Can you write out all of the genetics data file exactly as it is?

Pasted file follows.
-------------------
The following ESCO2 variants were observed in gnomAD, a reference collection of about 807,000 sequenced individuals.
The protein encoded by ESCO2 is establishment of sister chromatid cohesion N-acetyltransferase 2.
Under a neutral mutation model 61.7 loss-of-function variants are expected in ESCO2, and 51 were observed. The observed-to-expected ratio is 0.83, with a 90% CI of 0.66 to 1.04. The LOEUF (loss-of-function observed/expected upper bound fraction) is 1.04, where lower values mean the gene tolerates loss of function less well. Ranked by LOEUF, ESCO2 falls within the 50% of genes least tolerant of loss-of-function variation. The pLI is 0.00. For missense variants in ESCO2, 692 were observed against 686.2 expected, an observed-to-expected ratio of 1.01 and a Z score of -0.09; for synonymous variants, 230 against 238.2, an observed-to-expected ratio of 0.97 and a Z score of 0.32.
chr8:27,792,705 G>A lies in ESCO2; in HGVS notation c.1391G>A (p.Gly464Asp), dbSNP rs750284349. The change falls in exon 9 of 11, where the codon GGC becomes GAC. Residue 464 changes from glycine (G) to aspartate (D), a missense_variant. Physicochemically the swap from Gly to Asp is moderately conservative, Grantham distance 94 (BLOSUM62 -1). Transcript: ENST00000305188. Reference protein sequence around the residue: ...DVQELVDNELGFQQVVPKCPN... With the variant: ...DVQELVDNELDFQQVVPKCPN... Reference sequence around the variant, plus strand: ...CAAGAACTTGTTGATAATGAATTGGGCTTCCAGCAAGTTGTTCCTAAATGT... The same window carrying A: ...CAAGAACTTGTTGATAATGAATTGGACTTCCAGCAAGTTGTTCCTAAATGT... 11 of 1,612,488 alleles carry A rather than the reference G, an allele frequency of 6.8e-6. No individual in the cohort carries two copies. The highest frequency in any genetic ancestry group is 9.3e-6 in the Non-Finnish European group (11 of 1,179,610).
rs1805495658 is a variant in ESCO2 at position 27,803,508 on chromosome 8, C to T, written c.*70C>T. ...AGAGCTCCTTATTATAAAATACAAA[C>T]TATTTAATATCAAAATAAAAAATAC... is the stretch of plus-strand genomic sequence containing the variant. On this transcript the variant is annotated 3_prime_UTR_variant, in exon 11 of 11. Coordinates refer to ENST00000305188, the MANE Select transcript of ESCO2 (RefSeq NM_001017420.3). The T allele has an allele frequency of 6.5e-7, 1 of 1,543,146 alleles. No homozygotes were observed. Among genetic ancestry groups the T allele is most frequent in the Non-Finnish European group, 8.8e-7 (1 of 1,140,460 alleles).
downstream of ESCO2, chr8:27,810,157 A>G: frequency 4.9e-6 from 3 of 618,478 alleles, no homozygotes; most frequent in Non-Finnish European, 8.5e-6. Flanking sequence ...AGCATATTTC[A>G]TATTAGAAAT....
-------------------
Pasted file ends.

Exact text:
The following ESCO2 variants were observed in gnomAD, a reference collection of about 807,000 sequenced individuals.
The protein encoded by ESCO2 is establishment of sister chromatid cohesion N-acetyltransferase 2.
Under a neutral mutation model 61.7 loss-of-function variants are expected in ESCO2, and 51 were observed. The observed-to-expected ratio is 0.83, with a 90% CI of 0.66 to 1.04. The LOEUF (loss-of-function observed/expected upper bound fraction) is 1.04, where lower values mean the gene tolerates loss of function less well. Ranked by LOEUF, ESCO2 falls within the 50% of genes least tolerant of loss-of-function variation. The pLI is 0.00. For missense variants in ESCO2, 692 were observed against 686.2 expected, an observed-to-expected ratio of 1.01 and a Z score of -0.09; for synonymous variants, 230 against 238.2, an observed-to-expected ratio of 0.97 and a Z score of 0.32.
chr8:27,792,705 G>A lies in ESCO2; in HGVS notation c.1391G>A (p.Gly464Asp), dbSNP rs750284349. The change falls in exon 9 of 11, where the codon GGC becomes GAC. Residue 464 changes from glycine (G) to aspartate (D), a missense_variant. Physicochemically the swap from Gly to Asp is moderately conservative, Grantham distance 94 (BLOSUM62 -1). Transcript: ENST00000305188. Reference protein sequence around the residue: ...DVQELVDNELGFQQVVPKCPN... With the variant: ...DVQELVDNELDFQQVVPKCPN... Reference sequence around the variant, plus strand: ...CAAGAACTTGTTGATAATGAATTGGGCTTCCAGCAAGTTGTTCCTAAATGT... The same window carrying A: ...CAAGAACTTGTTGATAATGAATTGGACTTCCAGCAAGTTGTTCCTAAATGT... 11 of 1,612,488 alleles carry A rather than the reference G, an allele frequency of 6.8e-6. No individual in the cohort carries two copies. The highest frequency in any genetic ancestry group is 9.3e-6 in the Non-Finnish European group (11 of 1,179,610).
rs1805495658 is a variant in ESCO2 at position 27,803,508 on chromosome 8, C to T, written c.*70C>T. ...AGAGCTCCTTATTATAAAATACAAA[C>T]TATTTAATATCAAAATAAAAAATAC... is the stretch of plus-strand genomic sequence containing the variant. On this transcript the variant is annotated 3_prime_UTR_variant, in exon 11 of 11. Coordinates refer to ENST00000305188, the MANE Select transcript of ESCO2 (RefSeq NM_001017420.3). The T allele has an allele frequency of 6.5e-7, 1 of 1,543,146 alleles. No homozygotes were observed. Among genetic ancestry groups the T allele is most frequent in the Non-Finnish European group, 8.8e-7 (1 of 1,140,460 alleles).
downstream of ESCO2, chr8:27,810,157 A>G: frequency 4.9e-6 from 3 of 618,478 alleles, no homozygotes; most frequent in Non-Finnish European, 8.5e-6. Flanking sequence ...AGCATATTTC[A>G]TATTAGAAAT....